Baseball was played on the Sportsman's Park site as early as 1867. The tract was acquired in 1866 by August Solari, who began staging games there the following year. It was the home of the St. Louis Brown Stockings in the National Association and the National League from 1875 to 1877. It was originally called the Grand Avenue Ball Grounds. Some sources say the field was renamed Sportsman's Park in 1876, although local papers were not using that name until 1881. The local papers also still used the alternate name "Grand Avenue Park" until at least 1885. The first grandstand—one of three on the site—was built in 1881. At that time, the diamond and the grandstands were on the southeast corner of the block, for the convenience of fans arriving from Grand Avenue. The park was leased by the then-major American Association entry, the St. Louis "Brown Stockings", or "Browns". The Browns were a very strong team in the mid-1880s, but their success waned. When the National League absorbed the strongest of the old Association teams in 1892, the Browns were brought along. Soon they went looking for a new ballpark, finding a site just a few blocks northwest of the old one, and calling it New Sportsman's Park, which was later renamed Robison Field. They also changed team colors from Brown to Cardinal Red, thus acquiring a new nickname, and leaving their previous team colors available, as well as the old ballpark site.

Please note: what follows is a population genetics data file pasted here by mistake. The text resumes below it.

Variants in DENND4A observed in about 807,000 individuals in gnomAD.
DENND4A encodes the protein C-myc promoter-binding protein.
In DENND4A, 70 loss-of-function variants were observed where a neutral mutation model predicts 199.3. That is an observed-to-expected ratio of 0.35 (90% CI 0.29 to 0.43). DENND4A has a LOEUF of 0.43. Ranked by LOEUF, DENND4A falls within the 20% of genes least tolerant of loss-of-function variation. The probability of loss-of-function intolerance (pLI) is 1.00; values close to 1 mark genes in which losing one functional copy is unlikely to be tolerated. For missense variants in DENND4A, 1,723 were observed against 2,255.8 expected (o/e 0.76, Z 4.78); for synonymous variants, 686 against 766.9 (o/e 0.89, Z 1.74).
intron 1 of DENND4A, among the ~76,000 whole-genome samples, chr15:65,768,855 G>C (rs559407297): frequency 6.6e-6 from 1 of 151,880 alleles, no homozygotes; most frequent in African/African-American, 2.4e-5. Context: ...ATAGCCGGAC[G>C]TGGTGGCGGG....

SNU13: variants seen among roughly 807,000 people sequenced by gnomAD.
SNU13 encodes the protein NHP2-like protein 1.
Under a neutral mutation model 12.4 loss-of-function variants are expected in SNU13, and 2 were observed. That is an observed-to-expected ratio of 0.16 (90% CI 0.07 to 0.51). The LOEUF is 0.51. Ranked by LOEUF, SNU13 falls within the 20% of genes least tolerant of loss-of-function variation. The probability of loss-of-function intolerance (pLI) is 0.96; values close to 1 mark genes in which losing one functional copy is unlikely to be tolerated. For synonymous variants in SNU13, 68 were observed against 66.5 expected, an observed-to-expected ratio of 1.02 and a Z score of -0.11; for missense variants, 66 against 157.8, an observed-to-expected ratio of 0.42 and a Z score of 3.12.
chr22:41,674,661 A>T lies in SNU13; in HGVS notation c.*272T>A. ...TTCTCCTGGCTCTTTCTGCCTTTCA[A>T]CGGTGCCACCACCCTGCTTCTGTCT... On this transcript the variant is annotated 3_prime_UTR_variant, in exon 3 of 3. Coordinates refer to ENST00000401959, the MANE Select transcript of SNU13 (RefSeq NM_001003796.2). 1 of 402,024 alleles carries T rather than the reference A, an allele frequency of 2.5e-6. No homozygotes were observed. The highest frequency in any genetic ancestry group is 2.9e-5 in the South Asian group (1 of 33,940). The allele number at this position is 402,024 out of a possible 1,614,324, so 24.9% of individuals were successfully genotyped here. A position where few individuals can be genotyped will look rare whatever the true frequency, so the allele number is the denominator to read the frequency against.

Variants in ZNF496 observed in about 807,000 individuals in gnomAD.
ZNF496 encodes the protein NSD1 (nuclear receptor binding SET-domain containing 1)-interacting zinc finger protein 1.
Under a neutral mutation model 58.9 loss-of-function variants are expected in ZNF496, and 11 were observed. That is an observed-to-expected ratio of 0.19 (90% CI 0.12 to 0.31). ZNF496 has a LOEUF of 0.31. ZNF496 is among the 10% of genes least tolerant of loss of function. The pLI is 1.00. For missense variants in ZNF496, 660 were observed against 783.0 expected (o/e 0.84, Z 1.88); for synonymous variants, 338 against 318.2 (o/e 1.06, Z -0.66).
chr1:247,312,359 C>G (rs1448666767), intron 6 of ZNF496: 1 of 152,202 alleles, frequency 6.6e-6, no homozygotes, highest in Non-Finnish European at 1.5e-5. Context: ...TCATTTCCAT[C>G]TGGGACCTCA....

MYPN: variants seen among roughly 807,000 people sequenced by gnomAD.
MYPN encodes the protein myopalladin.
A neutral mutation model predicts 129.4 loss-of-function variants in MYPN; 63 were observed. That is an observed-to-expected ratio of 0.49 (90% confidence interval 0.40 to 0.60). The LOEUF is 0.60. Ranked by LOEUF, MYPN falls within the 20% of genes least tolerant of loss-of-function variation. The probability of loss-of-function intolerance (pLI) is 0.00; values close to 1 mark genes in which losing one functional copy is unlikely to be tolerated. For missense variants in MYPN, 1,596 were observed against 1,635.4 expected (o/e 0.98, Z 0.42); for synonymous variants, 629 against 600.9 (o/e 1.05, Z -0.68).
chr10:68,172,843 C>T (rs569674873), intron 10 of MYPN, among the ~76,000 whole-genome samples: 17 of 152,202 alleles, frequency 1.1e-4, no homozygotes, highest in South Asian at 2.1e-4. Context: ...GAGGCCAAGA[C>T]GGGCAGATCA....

When the Cardinals' ballpark burned on May 4, 1901, they club arranged to play some games at the original Sportsman's Park, which by then was being called "Athletic Park" and had only minimal seating. After the May 5 game, it was clear that the old park would not work, and the team played on the road for a month while their own park was being rebuilt.


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